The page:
Posttraumatic stress symptom severity predicts marijuana use coping motives among traumatic event-exposed marijuana users

Marcel O. Bonn-Miller, Anka A. Vujanovic, Matthew T. Feldner, Amit Bernstein, Michael J. Zvolensky

Research output: Contribution to journalArticlepeer-review

Abstract

The present study examines the relation between posttraumatic stress symptom severity and motives for marijuana use among 103 (55 women) young adult marijuana users (current) who reported experiencing at least one traumatic event in their lifetime. As expected, after covarying for the theoretically relevant variables of frequency of past 30-day marijuana use, number of cigarettes smoked per day, and volume of alcohol consumed, posttraumatic stress symptom severity was significantly related to marijuana use coping motives, but no other motives for marijuana use. Results are discussed in relation to better understanding the role of coping-motivated marijuana use among young adults experiencing posttraumatic stress.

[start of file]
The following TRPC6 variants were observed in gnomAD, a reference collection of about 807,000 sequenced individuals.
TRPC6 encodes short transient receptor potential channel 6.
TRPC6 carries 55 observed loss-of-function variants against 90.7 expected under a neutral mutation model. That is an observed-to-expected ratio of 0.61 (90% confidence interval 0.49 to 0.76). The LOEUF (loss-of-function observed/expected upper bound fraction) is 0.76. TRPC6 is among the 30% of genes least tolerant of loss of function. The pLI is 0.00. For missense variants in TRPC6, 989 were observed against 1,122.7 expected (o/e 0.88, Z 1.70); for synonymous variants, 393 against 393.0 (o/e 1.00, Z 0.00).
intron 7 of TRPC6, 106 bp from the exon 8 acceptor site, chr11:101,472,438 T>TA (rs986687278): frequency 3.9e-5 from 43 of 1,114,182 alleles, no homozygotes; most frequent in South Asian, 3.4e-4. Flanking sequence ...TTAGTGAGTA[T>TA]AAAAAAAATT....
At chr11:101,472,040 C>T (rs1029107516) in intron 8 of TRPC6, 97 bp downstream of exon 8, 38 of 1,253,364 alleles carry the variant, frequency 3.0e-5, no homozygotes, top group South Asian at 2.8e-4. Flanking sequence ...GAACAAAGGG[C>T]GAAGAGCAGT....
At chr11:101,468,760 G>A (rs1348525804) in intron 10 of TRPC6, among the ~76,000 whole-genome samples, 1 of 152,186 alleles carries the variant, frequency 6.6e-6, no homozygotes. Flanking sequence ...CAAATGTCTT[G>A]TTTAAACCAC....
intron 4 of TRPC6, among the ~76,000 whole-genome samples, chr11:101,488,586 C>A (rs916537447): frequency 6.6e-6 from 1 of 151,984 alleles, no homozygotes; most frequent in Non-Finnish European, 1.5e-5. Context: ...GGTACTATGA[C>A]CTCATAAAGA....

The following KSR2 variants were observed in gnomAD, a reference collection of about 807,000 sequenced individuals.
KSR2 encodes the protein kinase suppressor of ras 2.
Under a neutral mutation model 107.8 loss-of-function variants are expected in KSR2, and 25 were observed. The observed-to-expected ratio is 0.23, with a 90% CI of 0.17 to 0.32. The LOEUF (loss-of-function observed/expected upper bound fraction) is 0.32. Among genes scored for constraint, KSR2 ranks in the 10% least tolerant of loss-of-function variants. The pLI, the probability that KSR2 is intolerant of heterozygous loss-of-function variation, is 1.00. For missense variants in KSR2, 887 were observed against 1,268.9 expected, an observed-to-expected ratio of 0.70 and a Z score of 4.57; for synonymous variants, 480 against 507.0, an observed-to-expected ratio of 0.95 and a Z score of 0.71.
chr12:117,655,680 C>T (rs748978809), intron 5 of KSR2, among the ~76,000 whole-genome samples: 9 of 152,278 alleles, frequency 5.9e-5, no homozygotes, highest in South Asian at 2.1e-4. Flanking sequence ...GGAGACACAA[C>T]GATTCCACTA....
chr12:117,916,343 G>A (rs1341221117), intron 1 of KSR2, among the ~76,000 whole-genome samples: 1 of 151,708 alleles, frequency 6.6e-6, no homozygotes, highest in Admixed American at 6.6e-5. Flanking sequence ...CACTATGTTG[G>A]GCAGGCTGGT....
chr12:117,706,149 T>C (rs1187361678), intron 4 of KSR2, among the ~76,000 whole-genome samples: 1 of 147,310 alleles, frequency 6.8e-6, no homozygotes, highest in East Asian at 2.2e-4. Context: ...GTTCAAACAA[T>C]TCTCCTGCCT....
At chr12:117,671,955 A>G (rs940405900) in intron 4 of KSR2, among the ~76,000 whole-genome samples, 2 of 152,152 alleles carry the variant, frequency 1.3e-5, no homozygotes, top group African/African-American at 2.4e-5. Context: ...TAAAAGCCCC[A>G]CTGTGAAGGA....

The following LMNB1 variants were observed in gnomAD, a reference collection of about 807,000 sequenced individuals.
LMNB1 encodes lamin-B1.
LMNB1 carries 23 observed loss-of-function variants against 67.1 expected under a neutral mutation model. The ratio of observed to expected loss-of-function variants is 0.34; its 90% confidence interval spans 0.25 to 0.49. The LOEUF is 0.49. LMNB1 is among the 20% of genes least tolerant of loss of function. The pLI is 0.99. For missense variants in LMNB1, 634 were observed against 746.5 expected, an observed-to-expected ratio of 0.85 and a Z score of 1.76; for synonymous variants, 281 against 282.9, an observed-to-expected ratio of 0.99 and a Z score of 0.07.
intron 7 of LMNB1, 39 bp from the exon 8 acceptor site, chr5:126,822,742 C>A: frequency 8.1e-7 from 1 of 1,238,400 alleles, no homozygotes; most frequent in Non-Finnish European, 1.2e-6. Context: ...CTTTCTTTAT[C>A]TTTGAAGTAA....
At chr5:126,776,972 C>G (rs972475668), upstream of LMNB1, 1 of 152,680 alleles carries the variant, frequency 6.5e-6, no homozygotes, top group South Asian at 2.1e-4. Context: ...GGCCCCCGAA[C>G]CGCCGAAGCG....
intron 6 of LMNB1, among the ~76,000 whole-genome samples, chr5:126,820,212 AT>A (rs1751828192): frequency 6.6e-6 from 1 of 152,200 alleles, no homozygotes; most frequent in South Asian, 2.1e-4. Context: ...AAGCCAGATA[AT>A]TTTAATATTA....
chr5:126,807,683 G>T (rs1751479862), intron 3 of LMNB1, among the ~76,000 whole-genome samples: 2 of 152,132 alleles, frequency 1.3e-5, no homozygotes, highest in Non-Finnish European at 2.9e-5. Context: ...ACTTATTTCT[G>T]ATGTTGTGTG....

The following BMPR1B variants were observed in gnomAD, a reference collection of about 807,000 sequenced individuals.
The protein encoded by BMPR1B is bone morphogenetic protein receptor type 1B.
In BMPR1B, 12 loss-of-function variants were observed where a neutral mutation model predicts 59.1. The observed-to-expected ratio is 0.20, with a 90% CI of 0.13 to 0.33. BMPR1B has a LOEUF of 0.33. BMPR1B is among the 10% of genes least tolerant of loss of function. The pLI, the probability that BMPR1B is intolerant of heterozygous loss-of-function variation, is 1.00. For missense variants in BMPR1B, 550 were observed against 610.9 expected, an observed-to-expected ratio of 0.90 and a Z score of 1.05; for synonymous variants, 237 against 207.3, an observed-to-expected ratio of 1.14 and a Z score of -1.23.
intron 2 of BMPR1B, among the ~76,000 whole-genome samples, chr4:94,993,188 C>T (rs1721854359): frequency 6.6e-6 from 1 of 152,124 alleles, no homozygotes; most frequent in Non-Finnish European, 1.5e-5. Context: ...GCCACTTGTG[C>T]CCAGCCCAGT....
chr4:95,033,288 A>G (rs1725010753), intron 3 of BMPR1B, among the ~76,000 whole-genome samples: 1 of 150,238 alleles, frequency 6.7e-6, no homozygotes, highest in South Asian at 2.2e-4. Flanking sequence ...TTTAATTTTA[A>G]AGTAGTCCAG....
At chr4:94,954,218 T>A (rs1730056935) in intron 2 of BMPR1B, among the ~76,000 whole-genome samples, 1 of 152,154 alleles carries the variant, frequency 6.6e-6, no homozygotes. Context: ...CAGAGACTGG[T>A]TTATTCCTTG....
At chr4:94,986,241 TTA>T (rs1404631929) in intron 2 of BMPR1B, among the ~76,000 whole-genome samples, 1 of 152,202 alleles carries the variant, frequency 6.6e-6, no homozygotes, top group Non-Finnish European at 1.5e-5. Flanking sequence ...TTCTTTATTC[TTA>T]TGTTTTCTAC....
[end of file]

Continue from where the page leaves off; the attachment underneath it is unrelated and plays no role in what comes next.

Original languageEnglish
Pages (from-to)577-586
Number of pages10
JournalJournal of Traumatic Stress
Volume20
Issue number4
DOIs
StatePublished - Aug 2007
Externally publishedYes

ASJC Scopus subject areas

  • Psychiatry and Mental health
  • Clinical Psychology

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